“Down and Out in New York City” by Gabino Iglesias (ep01.07)
No Spoilers: After the lively events at the part and the subsequent mindfuck of a “flashback” chapter, Knox is back in the land of the living and aware, and ready to get back to business. After, of course, dealing with the various people in her life that care about her. But after the diversion that last chapter was, this one gets right back into the swing of things, checking in with everyone and then putting Knox back on track to investigate this weird mystery...before leaving the tracks entirely and showing that in this series, nothing’s over until it’s over and nothing dead until you’re really sure it’s dead. But through that it’s a chapter that focuses on community, and specifically on the people who Knox surrounds herself with, who are with her as she pushes for the truth.
Keywords: War, Portals, Therapy, Queer MC, packages
Review: This series is just hell on my nerves. I swear I feel white knuckled holding on for all I’m worth, whipped between fannish joy at seeing Danny and Pak mentioned in the same sentence (already shipped!) and hot panic and fear as the cosmic elements of the series become a little clearer and fuck, are definitely nothing to mess with (fucking don’t open that package, Danny!). In some ways there isn’t a whole lot I’d consider a surprise (I knew Klein was going to be just as bad as the other two), but that doesn’t mean I don’t jump when the reveals hit. Because however much the vague shape of things might seem evident, seeing things clearly is still a blow, still a shock. Which is a lot of what the series is playing with, in fact--the way that Knox has gained her abilities by seeing horror, by being exposed to things that she should have been able to handle. But she did. And the scars she carries aren’t all physical. Mostly they’re mental and emotional, and part of that is an inability to look away, an inability to ignore the horrors of the world. She has to see, has to try to do something about them, even if it puts her at risk. Even if it’s a terrible fucking idea.
And I love that everyone around her can see that. From Ray to Abe to Klein, everyone can sense from interacting with her that she can’t look away and it’s kinda killing her. The whole confrontation with Klein is great in a high tension oh fuck sort of way in part because of that, because there’s a part of Knox that seems to want to look away, to ignore things. At least...there’s a part of her that recognizes the seeming impossibility of the task of fixing anything. She can’t, and she knows that it would be easier to be able to look away, to just _not see it_ in all that implies. And maybe a part of her is hoping that someone would be able to just throw a switch and give her back the ignorance (often mislabeled innocence) that she lost in that storm when she was a child. So that it’s tempting more than money or vice to think that maybe she could have some relief from it, because in a place like New York it’s omnipresent and immediate all the time. And I love that she chooses always to go back into the burning building. That because it’s always a choice, she always does what she has to in order to make it right--or as right as she can. And here it means having to deal with possible extra-dimensional evil monsters. Yay. Also fuck. Also I am down for this.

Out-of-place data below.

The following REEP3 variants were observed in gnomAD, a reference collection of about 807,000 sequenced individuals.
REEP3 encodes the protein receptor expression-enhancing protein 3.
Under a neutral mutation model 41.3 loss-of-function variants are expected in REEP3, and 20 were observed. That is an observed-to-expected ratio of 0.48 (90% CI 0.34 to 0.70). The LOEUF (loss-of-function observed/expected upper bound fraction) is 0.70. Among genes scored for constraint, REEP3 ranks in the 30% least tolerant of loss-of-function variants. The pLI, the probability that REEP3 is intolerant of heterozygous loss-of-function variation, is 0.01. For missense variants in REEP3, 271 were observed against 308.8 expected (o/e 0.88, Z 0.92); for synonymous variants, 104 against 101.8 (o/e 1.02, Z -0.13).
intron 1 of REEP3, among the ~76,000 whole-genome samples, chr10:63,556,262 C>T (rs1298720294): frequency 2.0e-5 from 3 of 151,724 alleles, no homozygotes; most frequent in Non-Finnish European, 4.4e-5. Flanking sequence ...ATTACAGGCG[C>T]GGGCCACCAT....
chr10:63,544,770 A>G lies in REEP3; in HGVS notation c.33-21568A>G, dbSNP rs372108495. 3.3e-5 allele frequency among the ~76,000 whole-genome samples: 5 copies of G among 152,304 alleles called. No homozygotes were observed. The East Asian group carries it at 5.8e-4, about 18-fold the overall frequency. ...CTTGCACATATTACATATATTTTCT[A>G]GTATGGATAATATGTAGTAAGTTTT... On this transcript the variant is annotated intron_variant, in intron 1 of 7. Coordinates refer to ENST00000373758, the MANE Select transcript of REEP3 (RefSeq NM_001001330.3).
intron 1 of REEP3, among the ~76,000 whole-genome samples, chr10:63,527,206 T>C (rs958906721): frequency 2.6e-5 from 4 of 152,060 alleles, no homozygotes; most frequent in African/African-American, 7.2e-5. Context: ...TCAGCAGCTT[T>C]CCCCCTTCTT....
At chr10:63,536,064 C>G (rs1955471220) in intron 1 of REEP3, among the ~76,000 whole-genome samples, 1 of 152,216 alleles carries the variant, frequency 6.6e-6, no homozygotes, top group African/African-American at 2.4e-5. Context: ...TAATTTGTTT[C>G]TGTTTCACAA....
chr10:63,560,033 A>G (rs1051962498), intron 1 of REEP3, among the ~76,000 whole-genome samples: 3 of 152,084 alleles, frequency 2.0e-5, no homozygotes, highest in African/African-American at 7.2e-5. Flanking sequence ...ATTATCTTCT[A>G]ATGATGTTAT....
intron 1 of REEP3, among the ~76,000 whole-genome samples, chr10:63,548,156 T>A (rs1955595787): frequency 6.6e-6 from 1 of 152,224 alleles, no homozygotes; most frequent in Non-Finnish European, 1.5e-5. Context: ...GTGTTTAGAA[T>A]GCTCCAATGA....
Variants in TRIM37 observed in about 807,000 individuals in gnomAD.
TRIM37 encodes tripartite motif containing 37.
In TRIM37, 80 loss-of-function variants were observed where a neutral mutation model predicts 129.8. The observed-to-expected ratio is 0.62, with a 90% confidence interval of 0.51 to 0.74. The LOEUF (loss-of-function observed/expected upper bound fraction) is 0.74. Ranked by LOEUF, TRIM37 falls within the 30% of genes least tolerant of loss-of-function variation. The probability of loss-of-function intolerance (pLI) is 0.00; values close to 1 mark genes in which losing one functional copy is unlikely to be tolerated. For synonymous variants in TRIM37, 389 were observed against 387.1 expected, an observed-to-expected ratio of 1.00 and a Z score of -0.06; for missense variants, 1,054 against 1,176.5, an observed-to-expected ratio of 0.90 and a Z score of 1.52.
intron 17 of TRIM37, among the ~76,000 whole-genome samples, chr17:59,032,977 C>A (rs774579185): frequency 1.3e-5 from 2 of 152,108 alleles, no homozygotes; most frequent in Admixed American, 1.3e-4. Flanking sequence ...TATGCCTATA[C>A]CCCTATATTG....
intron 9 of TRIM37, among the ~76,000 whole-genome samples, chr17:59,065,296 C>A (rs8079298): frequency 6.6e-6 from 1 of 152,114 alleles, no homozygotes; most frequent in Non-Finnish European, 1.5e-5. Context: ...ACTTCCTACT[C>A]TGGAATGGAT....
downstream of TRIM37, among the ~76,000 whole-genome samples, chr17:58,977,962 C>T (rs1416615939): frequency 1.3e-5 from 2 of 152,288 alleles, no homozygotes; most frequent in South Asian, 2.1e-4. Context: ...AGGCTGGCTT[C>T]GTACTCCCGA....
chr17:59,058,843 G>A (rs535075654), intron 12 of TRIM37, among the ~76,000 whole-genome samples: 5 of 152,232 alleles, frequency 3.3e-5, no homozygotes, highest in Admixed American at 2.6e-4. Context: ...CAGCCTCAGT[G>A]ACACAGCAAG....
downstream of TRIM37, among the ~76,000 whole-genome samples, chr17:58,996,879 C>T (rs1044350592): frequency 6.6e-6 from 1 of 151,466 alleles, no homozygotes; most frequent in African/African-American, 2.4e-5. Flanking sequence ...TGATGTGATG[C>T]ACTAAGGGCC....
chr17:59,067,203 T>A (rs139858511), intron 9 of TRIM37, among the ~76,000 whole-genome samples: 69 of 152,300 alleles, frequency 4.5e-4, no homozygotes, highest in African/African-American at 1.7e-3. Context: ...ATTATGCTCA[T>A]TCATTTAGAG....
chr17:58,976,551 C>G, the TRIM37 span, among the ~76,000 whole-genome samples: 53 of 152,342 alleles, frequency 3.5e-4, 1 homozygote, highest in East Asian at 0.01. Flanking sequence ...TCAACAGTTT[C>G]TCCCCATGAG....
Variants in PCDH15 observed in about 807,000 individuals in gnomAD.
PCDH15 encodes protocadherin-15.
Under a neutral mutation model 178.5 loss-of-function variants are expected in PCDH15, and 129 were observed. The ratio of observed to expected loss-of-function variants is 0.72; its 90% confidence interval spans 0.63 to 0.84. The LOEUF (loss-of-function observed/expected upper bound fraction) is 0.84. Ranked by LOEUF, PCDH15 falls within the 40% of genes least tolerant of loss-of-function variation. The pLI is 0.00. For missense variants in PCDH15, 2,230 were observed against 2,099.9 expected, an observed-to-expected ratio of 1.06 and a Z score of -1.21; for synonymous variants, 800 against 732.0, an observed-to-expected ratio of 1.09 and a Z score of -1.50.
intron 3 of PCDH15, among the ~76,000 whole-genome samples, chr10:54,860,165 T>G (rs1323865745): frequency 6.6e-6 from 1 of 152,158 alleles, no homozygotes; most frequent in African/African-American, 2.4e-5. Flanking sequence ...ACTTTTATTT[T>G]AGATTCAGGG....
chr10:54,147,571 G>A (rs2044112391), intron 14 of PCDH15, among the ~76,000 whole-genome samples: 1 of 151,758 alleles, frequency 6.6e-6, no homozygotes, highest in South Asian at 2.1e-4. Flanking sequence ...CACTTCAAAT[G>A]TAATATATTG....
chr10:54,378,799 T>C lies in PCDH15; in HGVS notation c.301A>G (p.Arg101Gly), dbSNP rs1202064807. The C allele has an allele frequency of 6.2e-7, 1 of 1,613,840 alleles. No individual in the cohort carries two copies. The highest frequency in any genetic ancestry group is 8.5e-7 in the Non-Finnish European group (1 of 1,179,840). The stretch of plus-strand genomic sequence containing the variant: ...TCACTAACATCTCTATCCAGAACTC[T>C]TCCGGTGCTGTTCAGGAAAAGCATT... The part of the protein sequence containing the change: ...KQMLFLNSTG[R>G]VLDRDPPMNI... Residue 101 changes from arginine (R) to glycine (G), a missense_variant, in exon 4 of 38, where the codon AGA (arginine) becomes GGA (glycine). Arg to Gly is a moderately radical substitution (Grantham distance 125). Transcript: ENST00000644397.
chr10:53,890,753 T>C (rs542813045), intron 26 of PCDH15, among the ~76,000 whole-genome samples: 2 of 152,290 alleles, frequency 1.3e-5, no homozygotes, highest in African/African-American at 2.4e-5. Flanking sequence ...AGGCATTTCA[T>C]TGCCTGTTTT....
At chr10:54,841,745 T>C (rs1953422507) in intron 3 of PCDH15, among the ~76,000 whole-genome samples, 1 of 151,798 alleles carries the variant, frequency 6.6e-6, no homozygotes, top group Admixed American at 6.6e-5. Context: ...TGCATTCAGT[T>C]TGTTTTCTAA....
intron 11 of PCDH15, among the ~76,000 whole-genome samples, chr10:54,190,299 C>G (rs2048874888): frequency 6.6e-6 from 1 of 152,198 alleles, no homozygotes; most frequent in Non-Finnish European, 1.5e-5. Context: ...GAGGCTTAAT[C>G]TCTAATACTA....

And the chapter does a lot of good work with the extended cast as well, getting out of just Knox’s head to give some more attention to Ellen and Abe, allowing them more space to have distinct voices and be more of the story. Noir mysteries tend to be very focused on just the detective, but Knox is definitely not alone in her mission or her work. Even when she’s in over her head, she’s a part of a support network that’s the only reason she’s not dead or committed somewhere. It’s a creepy installment and it pushes things forward nicely, reveals a few twists, and really shows where the series might move with regards to the speculative elements. Which means it seems like things are gonna get finda fucked up. I mean, more. But in the best possible way. A great read!